Now that Provo residents have the final answer that the city bond for a new city hall, safety building and fire station 2 has passed, the question now is what happens next?

“We feel absolutely challenged,” said Wayne Parker, chief operating officer of Provo. Parker said the entire administration understands that it was a close vote on the bond and that residents must be kept in the loop and have transparency on the subject.

Cliff Strachan, executive director of the Municipal Council, is on the building committee and said he expects the Fire Station 2 to be done in 18 months with the new city hall and safety facilities in 2022.

Parker has a faster timeline in mind.

“We’ve got a lot to do,” Parker said. “We are the staff and in-house experts. We’ll be doing some site visits at other locations and go through some educating. The expectations are extremely difficult to meet the city’s needs.”

Parker said the city staff recognizes there is this balancing act of planning good buildings like the recreation center and the new power building, while being cost affective.

“There are several parallel tracks we’re on,” Parker said. “The first is preparing to market the bond to investors. We are working on preliminary statements.”

Parker said the bond will be sent by the end of December or beginning of January in the finance world and investors looking for tax exempt bonds.

“The city’s got a good bond rating,” Park said. “It’s an AA+ rating.”

The next thing to be done is select an architect. City staff are working on final response for proposal wording that will be sent out to architectural teams. When those come back, the city will have to do background checks, talk to customers of those architects. That will be sent out in early December. Parker says he believes they will have an architect team by the end of January.

The next thing will be to select a contractor.

“It’s a collaborative process,” Parker said. “We’ll do like we did with the rec center.”

When that is complete then Parker said the city staff and residents will know the cost to build a new city hall.

“By spring we should have everything in line,” Parker said. “Earth work will happen before the end of the year. Footings and foundation should be in by next fall. It should all be done by spring or summer of 2021.”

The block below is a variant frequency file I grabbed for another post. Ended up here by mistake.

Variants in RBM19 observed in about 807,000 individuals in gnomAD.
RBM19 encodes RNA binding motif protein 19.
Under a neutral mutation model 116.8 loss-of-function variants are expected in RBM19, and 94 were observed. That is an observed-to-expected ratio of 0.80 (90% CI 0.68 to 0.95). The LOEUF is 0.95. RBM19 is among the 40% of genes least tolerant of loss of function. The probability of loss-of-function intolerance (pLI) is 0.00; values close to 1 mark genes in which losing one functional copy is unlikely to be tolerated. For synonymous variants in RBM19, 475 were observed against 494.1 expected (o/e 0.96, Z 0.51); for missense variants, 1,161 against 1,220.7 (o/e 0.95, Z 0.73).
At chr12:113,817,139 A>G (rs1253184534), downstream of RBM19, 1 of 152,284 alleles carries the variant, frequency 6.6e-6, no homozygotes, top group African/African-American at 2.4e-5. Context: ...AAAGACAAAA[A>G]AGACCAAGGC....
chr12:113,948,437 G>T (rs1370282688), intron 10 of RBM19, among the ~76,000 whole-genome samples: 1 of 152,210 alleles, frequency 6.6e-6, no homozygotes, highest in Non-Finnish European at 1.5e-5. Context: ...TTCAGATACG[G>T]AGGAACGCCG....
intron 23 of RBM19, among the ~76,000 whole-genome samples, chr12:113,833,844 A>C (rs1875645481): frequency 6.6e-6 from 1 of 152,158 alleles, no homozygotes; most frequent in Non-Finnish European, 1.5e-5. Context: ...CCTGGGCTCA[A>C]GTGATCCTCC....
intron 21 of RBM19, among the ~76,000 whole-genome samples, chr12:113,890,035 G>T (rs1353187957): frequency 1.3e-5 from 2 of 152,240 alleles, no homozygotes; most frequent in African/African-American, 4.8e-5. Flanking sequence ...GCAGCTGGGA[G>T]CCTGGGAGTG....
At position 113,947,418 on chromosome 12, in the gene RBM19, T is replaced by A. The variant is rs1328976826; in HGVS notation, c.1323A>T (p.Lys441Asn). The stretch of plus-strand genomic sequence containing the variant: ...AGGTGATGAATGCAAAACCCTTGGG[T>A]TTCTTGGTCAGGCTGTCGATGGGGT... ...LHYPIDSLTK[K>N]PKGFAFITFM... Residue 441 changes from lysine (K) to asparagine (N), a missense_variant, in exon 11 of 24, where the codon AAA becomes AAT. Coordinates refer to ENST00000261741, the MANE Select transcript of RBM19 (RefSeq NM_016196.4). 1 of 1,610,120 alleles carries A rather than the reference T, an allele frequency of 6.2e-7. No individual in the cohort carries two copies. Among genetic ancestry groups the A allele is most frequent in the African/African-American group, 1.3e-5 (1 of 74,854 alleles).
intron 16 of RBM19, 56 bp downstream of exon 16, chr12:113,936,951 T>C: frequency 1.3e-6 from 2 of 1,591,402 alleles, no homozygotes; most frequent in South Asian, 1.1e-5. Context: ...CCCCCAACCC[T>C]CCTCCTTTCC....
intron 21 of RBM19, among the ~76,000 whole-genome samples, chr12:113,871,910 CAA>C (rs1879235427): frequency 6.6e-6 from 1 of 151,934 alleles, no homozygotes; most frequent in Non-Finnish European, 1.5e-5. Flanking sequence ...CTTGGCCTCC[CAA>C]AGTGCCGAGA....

There are still some property acquisition and relocation for Firestone Tires and the Rocky Mountain Drive-in, but that is in process. There will also need to be temporary facilities for Fire Station 2 while it is being rebuilt.

“We expect Fire Station 2 will be done by the end of next year,” Parker said.

Parke said the building will most likely be a high rise and integrated with the Covey Center with the council chambers sitting at the corner of 500 West and Center Street. It will possibly be interconnected with the Covey Center, with Covey still remaining an entertainment venue.

Eventually the new building will be completed and then the currently building will be razed. By that time residents will have had plenty of time to work with the city on what should be done with the rest of the corner.

“There will be a robust public process,” Parker said. Parker believes there will possible be public charrettes, committees and open meetings to discuss the look of that block. Will it book end Nu Skin or will it hold to the flavor of the historic downtown?

“We will be subject to a lot of transparency.” Parker said. “That’s what we’re anticipating by the end of the first quarter of next year.”

However the city redevelops the block from 300 to 500 West between Center Street and First South, Parker said the administration knows clearly it must be a public process.

Daily Herald reporter Genelle Pugmire can be contacted at gpugmire@heraldextra.com, (801) 344-2910, Twitter

@gpugmire

A 32-year veteran of covering news in Utah County, Genelle covers Provo, Orem, Faith/Religion, including the LDS Church and general assignments.

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